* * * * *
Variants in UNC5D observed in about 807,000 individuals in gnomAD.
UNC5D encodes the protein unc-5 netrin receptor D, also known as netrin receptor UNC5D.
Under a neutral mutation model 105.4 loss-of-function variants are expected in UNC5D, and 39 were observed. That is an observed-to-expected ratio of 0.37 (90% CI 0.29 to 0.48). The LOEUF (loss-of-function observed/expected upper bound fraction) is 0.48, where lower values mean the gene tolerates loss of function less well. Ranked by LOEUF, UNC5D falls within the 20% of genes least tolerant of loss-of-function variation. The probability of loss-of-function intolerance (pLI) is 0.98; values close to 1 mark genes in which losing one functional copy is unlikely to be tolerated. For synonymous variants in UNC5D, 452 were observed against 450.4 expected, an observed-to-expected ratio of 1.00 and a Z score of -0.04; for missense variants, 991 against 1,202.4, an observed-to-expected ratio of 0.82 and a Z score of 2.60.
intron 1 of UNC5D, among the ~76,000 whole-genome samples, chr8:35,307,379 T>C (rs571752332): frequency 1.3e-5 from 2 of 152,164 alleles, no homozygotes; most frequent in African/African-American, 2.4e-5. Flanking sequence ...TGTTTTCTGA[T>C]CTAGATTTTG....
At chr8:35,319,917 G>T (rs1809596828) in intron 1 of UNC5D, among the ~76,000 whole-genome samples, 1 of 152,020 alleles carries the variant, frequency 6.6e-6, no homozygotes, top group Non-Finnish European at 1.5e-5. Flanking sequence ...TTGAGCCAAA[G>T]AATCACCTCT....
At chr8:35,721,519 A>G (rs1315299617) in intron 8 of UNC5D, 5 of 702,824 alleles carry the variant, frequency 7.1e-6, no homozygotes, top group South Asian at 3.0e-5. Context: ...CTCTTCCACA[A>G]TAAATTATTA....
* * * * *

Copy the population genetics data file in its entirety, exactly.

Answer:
Variants in UNC5D observed in about 807,000 individuals in gnomAD.
UNC5D encodes the protein unc-5 netrin receptor D, also known as netrin receptor UNC5D.
Under a neutral mutation model 105.4 loss-of-function variants are expected in UNC5D, and 39 were observed. That is an observed-to-expected ratio of 0.37 (90% CI 0.29 to 0.48). The LOEUF (loss-of-function observed/expected upper bound fraction) is 0.48, where lower values mean the gene tolerates loss of function less well. Ranked by LOEUF, UNC5D falls within the 20% of genes least tolerant of loss-of-function variation. The probability of loss-of-function intolerance (pLI) is 0.98; values close to 1 mark genes in which losing one functional copy is unlikely to be tolerated. For synonymous variants in UNC5D, 452 were observed against 450.4 expected, an observed-to-expected ratio of 1.00 and a Z score of -0.04; for missense variants, 991 against 1,202.4, an observed-to-expected ratio of 0.82 and a Z score of 2.60.
intron 1 of UNC5D, among the ~76,000 whole-genome samples, chr8:35,307,379 T>C (rs571752332): frequency 1.3e-5 from 2 of 152,164 alleles, no homozygotes; most frequent in African/African-American, 2.4e-5. Flanking sequence ...TGTTTTCTGA[T>C]CTAGATTTTG....
At chr8:35,319,917 G>T (rs1809596828) in intron 1 of UNC5D, among the ~76,000 whole-genome samples, 1 of 152,020 alleles carries the variant, frequency 6.6e-6, no homozygotes, top group Non-Finnish European at 1.5e-5. Flanking sequence ...TTGAGCCAAA[G>T]AATCACCTCT....
At chr8:35,721,519 A>G (rs1315299617) in intron 8 of UNC5D, 5 of 702,824 alleles carry the variant, frequency 7.1e-6, no homozygotes, top group South Asian at 3.0e-5. Context: ...CTCTTCCACA[A>G]TAAATTATTA....